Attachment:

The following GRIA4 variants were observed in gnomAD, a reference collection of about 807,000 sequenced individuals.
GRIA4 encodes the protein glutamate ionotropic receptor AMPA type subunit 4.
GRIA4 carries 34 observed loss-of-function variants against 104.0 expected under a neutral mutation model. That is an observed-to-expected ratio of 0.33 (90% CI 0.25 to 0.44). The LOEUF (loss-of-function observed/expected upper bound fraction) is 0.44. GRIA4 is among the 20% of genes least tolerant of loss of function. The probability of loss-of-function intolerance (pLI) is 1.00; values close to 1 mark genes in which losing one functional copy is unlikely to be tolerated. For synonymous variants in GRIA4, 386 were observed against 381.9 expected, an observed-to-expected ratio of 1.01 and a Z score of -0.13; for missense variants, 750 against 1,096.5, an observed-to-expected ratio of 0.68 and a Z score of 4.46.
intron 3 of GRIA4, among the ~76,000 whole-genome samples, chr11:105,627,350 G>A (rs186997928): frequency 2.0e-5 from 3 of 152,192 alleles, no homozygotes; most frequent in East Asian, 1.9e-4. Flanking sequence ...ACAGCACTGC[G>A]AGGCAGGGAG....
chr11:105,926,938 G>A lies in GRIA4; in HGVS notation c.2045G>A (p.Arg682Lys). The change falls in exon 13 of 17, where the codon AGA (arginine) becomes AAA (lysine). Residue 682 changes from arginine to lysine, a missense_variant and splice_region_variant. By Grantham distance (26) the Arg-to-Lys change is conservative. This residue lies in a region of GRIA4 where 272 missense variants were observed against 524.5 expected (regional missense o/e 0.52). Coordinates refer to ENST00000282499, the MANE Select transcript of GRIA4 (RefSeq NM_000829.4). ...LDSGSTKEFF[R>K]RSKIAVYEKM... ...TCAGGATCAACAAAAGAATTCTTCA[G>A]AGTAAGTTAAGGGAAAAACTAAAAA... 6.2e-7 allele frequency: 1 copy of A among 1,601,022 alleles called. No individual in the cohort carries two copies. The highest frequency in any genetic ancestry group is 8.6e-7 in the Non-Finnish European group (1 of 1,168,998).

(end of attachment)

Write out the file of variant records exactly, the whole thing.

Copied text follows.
The following GRIA4 variants were observed in gnomAD, a reference collection of about 807,000 sequenced individuals.
GRIA4 encodes the protein glutamate ionotropic receptor AMPA type subunit 4.
GRIA4 carries 34 observed loss-of-function variants against 104.0 expected under a neutral mutation model. That is an observed-to-expected ratio of 0.33 (90% CI 0.25 to 0.44). The LOEUF (loss-of-function observed/expected upper bound fraction) is 0.44. GRIA4 is among the 20% of genes least tolerant of loss of function. The probability of loss-of-function intolerance (pLI) is 1.00; values close to 1 mark genes in which losing one functional copy is unlikely to be tolerated. For synonymous variants in GRIA4, 386 were observed against 381.9 expected, an observed-to-expected ratio of 1.01 and a Z score of -0.13; for missense variants, 750 against 1,096.5, an observed-to-expected ratio of 0.68 and a Z score of 4.46.
intron 3 of GRIA4, among the ~76,000 whole-genome samples, chr11:105,627,350 G>A (rs186997928): frequency 2.0e-5 from 3 of 152,192 alleles, no homozygotes; most frequent in East Asian, 1.9e-4. Flanking sequence ...ACAGCACTGC[G>A]AGGCAGGGAG....
chr11:105,926,938 G>A lies in GRIA4; in HGVS notation c.2045G>A (p.Arg682Lys). The change falls in exon 13 of 17, where the codon AGA (arginine) becomes AAA (lysine). Residue 682 changes from arginine to lysine, a missense_variant and splice_region_variant. By Grantham distance (26) the Arg-to-Lys change is conservative. This residue lies in a region of GRIA4 where 272 missense variants were observed against 524.5 expected (regional missense o/e 0.52). Coordinates refer to ENST00000282499, the MANE Select transcript of GRIA4 (RefSeq NM_000829.4). ...LDSGSTKEFF[R>K]RSKIAVYEKM... ...TCAGGATCAACAAAAGAATTCTTCA[G>A]AGTAAGTTAAGGGAAAAACTAAAAA... 6.2e-7 allele frequency: 1 copy of A among 1,601,022 alleles called. No individual in the cohort carries two copies. The highest frequency in any genetic ancestry group is 8.6e-7 in the Non-Finnish European group (1 of 1,168,998).